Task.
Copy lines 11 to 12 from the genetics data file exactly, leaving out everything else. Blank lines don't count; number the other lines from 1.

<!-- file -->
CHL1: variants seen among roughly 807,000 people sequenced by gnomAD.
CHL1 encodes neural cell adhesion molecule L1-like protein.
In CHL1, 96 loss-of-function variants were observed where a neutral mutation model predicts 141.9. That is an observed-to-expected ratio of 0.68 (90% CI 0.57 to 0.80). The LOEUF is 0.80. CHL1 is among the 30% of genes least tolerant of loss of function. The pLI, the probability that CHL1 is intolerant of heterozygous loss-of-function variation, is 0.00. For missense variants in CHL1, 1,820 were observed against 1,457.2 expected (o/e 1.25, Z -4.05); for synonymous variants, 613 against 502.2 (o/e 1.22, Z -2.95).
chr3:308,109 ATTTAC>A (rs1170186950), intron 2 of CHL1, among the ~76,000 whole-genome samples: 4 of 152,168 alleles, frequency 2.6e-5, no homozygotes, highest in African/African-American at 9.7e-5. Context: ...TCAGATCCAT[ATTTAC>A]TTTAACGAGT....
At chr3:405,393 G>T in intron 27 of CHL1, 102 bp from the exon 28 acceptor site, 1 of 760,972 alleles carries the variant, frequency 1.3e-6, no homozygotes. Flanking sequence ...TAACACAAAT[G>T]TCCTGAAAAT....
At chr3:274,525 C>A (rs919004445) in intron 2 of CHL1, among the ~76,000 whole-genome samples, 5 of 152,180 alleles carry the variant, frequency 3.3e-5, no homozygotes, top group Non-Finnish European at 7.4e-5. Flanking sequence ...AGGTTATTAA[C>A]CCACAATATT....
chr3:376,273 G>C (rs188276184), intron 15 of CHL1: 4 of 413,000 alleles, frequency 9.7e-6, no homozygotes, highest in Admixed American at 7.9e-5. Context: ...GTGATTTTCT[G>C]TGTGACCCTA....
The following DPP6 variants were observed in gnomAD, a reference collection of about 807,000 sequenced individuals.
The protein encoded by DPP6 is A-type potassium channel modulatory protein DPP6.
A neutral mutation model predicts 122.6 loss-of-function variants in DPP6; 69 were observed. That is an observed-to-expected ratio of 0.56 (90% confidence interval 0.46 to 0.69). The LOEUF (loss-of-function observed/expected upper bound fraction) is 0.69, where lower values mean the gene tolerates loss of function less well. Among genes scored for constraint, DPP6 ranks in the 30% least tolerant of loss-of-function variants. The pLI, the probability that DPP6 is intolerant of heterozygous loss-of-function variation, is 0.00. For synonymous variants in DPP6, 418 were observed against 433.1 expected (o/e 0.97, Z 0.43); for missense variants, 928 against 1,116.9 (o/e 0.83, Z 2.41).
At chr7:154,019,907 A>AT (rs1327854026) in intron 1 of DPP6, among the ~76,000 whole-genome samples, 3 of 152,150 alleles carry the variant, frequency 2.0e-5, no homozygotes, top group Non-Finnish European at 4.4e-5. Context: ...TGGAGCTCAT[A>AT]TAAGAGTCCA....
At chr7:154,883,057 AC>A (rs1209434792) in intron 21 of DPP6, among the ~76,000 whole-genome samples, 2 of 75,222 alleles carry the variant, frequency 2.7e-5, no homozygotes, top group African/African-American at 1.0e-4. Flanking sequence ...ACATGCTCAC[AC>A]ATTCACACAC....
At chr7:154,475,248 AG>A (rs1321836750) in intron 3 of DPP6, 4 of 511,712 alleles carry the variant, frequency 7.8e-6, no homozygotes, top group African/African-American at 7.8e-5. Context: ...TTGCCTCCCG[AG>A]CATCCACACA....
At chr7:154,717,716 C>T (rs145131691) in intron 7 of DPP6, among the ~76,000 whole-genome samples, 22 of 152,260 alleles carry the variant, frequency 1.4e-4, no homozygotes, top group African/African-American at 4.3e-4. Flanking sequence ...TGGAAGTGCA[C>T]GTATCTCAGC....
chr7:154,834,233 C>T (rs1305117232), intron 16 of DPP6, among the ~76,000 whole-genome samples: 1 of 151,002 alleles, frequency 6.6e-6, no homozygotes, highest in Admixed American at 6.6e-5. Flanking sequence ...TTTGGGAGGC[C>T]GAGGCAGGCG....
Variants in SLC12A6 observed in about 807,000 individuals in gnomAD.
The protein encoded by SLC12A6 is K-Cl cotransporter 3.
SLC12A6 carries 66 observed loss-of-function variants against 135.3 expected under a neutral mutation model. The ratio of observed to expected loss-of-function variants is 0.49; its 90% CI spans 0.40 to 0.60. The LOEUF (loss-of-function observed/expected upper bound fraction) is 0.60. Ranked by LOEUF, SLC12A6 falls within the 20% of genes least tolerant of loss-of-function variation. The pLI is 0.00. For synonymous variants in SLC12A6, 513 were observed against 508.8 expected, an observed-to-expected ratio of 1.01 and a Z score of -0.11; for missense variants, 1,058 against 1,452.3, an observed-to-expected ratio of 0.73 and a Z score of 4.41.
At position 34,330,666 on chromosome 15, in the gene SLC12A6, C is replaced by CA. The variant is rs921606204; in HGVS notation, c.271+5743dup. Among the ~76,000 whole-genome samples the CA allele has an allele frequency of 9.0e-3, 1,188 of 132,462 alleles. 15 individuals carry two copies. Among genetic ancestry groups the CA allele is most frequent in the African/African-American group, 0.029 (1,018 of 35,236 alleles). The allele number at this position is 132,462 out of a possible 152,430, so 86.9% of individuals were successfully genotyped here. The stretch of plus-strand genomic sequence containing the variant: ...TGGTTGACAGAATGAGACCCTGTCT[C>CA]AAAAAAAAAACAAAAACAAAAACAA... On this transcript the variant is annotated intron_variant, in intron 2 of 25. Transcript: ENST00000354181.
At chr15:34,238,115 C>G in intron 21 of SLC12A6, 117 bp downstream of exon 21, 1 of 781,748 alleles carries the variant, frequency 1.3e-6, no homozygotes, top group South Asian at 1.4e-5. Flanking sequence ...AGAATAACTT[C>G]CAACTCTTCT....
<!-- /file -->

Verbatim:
At chr7:154,019,907 A>AT (rs1327854026) in intron 1 of DPP6, among the ~76,000 whole-genome samples, 3 of 152,150 alleles carry the variant, frequency 2.0e-5, no homozygotes, top group Non-Finnish European at 4.4e-5. Context: ...TGGAGCTCAT[A>AT]TAAGAGTCCA....
At chr7:154,883,057 AC>A (rs1209434792) in intron 21 of DPP6, among the ~76,000 whole-genome samples, 2 of 75,222 alleles carry the variant, frequency 2.7e-5, no homozygotes, top group African/African-American at 1.0e-4. Flanking sequence ...ACATGCTCAC[AC>A]ATTCACACAC....